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Nationality: Noun and adjective--Tanzanian(s); Zanzibari(s).
Population: Mainland--32 million. Zanzibar--1 million (est.).
Religions: Muslim 45%, Christian 45%, Indigenous beliefs 10%.
Language: Kiswahili (official), English.
Education: Attendance--74% (primary). Literacy--67%.
Health: Infant mortality rate--98/1,000. Life expectancy--50 years.
Work force: Agriculture--80%; Industry, commerce, government--20%.
People of Tanzania
Population distribution in Tanzania is extremely uneven. Density varies from 1 person per square kilometer (3 per sq. mi.) in arid regions to 51 per square kilometer (133 per sq. mi.) in the mainland's well-watered highlands to 134 per square kilometer (347 per sq. mi.) on Zanzibar. More than 80% of the population is rural. Dar es Salaam is the capital and largest city; Dodoma, located in the center of Tanzania, has been designated the new capital, although action to move the capital has stalled.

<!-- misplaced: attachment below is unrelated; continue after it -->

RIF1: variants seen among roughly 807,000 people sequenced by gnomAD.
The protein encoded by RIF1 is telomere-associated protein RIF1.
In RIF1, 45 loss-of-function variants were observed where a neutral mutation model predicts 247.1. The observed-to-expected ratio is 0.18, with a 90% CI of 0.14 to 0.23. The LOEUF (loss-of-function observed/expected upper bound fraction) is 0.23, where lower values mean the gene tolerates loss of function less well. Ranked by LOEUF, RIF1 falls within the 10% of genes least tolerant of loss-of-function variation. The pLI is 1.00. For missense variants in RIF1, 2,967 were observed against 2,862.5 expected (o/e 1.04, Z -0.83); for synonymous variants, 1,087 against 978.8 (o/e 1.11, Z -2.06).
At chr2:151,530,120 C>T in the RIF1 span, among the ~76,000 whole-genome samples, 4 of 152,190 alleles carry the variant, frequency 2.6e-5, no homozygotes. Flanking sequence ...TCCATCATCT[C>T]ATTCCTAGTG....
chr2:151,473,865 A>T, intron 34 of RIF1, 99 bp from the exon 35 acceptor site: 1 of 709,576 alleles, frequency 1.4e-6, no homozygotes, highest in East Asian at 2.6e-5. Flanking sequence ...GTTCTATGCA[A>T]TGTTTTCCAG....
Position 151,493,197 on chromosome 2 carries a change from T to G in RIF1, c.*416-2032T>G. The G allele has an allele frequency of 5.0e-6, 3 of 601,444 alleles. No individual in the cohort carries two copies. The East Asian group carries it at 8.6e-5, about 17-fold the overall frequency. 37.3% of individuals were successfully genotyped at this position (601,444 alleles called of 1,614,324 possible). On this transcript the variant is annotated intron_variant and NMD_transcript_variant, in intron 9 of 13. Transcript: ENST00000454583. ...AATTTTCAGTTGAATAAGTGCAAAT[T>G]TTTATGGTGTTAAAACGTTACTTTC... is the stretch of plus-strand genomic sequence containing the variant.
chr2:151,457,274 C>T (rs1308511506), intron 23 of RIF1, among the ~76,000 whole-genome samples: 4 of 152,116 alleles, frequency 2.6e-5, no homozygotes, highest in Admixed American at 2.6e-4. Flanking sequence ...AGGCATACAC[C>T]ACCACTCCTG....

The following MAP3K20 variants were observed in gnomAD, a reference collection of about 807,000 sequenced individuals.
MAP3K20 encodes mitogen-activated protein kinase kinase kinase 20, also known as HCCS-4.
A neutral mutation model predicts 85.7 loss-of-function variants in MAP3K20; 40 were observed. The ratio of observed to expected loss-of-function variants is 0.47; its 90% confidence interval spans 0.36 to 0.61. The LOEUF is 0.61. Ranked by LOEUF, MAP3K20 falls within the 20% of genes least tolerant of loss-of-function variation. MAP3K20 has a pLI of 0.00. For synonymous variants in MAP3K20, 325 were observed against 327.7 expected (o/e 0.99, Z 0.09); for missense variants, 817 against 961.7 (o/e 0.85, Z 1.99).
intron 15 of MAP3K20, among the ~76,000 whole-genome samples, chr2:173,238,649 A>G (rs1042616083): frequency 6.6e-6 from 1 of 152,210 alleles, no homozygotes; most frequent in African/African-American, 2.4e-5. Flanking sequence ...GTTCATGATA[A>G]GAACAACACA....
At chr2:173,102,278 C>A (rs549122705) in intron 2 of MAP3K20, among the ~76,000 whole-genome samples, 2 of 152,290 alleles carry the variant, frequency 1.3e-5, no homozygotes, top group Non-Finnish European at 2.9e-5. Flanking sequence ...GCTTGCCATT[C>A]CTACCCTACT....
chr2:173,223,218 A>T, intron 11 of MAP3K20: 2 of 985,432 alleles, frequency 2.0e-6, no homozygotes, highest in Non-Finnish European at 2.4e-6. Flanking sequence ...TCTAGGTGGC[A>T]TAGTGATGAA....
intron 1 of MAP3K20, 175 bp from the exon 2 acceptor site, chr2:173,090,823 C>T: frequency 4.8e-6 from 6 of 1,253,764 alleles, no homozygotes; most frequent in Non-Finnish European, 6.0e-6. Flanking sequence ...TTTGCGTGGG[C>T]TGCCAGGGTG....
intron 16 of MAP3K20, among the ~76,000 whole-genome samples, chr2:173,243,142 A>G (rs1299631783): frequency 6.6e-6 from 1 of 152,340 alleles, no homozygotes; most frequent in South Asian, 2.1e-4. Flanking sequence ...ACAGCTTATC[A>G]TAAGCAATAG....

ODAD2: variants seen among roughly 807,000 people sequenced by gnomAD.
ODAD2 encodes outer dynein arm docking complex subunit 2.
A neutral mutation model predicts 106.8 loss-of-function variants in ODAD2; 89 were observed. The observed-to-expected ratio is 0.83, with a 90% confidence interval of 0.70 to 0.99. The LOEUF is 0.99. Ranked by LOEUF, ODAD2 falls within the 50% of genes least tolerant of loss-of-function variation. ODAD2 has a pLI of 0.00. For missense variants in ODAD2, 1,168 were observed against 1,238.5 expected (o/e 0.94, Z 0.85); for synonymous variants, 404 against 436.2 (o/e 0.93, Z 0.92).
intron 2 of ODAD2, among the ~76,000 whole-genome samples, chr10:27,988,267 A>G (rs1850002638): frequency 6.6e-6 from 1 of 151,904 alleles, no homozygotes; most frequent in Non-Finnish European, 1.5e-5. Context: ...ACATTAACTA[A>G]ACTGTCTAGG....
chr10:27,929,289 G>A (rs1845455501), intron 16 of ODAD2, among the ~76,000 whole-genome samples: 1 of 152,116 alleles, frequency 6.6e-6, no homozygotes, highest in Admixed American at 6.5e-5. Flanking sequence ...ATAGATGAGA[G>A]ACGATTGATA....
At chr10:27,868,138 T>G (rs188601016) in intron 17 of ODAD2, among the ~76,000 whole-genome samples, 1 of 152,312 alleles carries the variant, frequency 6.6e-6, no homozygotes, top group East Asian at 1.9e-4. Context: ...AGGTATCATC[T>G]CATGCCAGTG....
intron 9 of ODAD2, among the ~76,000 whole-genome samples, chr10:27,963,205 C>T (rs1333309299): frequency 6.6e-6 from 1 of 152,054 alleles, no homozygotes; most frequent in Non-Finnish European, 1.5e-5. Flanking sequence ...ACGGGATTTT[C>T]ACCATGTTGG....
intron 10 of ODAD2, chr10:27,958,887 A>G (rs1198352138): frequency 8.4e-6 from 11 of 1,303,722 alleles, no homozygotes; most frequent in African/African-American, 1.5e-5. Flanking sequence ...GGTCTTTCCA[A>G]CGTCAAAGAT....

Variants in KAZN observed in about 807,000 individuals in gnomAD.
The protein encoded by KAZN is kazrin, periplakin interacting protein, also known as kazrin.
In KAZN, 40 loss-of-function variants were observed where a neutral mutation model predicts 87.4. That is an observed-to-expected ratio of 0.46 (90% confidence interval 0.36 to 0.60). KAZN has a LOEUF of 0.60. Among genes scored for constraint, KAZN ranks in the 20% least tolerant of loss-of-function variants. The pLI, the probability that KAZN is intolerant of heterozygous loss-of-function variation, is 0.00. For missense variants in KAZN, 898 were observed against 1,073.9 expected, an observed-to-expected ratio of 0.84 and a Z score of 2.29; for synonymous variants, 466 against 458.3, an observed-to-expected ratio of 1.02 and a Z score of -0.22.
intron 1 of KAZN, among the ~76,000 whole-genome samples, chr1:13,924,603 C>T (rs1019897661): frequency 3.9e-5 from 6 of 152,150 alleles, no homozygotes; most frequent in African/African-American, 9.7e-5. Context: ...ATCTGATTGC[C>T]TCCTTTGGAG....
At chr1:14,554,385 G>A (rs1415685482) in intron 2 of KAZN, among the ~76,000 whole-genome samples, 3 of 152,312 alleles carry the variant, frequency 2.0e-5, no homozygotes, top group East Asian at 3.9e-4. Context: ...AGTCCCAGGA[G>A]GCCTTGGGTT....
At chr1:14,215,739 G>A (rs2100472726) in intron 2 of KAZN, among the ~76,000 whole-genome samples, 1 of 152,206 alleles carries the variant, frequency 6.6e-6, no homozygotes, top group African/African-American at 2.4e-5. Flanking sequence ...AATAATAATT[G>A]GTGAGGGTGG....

The African population consists of more than 120 ethnic groups, of which the Sukuma, Haya, Nyakyusa, Nyamwezi, and Chaga have more than 1 million members. The majority of Tanzanians, including such large tribes as the Sukuma and the Nyamwezi, are of Bantu stock. Groups of Nilotic or related origin include the nomadic Masai and the Luo, both of which are found in greater numbers in neighboring Kenya. Two small groups speak languages of the Khoisan family peculiar to the Bushman and Hottentot peoples. Cushitic-speaking peoples, originally from the Ethiopian highlands, reside in a few areas of Tanzania.
Although much of Zanzibar's African population came from the mainland, one group known as Shirazis traces its origins to the island's early Persian settlers. Non-Africans residing on the mainland and Zanzibar account for 1% of the total population. The Asian community, including Hindus, Sikhs, Shi'a and Sunni Muslims, and Goans, has declined by 50% in the past decade to 50,000 on the mainland and 4,000 on Zanzibar. An estimated 70,000 Arabs and 10,000 Europeans reside in Tanzania.
Each ethnic group has its own language, but the national language is Kiswahili, a Bantu-based tongue with strong Arabic borrowings.